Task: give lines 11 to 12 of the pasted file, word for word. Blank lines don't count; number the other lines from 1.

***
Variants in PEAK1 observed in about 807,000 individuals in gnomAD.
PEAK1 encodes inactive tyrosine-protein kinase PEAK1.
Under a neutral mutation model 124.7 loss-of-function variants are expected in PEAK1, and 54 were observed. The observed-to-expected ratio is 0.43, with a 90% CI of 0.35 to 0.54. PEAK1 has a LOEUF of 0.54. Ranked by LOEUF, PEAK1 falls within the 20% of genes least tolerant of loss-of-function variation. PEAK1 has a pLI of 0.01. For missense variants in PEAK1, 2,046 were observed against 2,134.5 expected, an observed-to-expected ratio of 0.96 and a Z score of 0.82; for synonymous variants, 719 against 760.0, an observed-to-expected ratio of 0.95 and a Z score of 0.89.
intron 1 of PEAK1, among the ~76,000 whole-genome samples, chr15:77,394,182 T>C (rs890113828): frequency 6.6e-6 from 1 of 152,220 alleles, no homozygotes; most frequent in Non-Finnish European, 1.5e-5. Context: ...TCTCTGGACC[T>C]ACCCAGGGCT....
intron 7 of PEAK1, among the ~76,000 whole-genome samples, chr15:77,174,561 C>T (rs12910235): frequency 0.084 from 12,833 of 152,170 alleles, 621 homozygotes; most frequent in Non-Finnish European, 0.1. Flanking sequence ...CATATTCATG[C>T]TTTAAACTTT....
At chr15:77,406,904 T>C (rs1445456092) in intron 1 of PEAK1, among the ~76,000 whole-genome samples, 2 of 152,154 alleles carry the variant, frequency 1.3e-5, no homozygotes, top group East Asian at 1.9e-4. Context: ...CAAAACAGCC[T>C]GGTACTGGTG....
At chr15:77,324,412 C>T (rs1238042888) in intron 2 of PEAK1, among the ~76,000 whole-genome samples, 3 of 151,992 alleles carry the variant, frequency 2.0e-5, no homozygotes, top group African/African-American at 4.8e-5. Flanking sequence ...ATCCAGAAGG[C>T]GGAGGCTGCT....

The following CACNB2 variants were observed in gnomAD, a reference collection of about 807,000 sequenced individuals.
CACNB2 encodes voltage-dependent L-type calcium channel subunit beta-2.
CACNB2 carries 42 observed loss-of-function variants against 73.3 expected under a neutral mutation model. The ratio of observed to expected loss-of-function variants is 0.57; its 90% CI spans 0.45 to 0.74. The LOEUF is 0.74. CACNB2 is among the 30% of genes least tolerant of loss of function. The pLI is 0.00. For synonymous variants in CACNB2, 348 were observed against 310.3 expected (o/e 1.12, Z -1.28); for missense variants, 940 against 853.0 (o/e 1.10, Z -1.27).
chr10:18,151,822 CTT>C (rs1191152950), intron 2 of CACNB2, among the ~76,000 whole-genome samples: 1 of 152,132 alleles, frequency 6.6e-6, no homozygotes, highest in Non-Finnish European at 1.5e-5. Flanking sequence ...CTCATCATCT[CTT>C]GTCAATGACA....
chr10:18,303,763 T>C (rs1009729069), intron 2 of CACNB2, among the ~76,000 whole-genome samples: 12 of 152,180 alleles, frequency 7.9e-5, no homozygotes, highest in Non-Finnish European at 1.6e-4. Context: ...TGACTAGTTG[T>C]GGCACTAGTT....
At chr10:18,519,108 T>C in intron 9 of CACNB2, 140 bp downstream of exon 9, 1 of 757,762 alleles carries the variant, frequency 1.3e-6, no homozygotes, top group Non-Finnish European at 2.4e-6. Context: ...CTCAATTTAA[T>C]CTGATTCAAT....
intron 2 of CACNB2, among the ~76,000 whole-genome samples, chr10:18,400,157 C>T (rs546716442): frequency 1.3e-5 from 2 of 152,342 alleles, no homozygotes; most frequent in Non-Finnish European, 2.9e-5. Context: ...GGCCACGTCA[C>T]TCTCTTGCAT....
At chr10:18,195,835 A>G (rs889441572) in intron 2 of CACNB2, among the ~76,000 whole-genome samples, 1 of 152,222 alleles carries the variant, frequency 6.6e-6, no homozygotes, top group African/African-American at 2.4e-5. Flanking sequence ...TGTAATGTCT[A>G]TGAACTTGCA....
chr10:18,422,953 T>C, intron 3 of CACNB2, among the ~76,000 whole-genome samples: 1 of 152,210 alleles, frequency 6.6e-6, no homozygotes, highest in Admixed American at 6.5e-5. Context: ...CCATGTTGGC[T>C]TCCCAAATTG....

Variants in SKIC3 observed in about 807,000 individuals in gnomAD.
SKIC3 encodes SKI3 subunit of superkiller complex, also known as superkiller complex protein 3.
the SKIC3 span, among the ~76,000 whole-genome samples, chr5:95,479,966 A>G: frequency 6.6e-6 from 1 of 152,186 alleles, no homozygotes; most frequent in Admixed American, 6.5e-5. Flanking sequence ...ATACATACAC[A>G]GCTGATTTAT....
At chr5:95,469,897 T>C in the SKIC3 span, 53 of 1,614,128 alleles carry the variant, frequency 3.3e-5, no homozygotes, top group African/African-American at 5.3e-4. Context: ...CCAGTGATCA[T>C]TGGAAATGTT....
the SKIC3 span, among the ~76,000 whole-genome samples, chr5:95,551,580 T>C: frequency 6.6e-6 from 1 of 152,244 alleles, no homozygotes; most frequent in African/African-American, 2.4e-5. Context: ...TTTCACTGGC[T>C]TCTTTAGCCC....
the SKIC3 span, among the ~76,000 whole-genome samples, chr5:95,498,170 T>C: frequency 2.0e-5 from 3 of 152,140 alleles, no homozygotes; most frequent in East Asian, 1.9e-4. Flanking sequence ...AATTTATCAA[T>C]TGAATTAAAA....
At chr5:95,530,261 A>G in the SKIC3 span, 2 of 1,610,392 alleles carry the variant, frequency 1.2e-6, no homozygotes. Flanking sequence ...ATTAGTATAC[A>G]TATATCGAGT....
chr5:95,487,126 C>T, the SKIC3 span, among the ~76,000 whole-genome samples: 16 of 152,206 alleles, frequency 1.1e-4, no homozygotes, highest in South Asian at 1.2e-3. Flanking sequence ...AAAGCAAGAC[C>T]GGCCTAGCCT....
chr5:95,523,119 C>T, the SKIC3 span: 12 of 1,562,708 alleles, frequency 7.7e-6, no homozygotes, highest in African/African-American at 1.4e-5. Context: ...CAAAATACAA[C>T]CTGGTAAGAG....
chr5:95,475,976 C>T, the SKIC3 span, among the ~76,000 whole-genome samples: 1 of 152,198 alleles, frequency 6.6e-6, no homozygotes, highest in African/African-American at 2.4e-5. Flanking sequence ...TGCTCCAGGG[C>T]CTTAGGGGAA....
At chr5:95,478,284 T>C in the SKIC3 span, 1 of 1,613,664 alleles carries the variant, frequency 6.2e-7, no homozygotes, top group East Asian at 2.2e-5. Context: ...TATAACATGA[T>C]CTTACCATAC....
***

chr10:18,151,822 CTT>C (rs1191152950), intron 2 of CACNB2, among the ~76,000 whole-genome samples: 1 of 152,132 alleles, frequency 6.6e-6, no homozygotes, highest in Non-Finnish European at 1.5e-5. Flanking sequence ...CTCATCATCT[CTT>C]GTCAATGACA....
chr10:18,303,763 T>C (rs1009729069), intron 2 of CACNB2, among the ~76,000 whole-genome samples: 12 of 152,180 alleles, frequency 7.9e-5, no homozygotes, highest in Non-Finnish European at 1.6e-4. Context: ...TGACTAGTTG[T>C]GGCACTAGTT....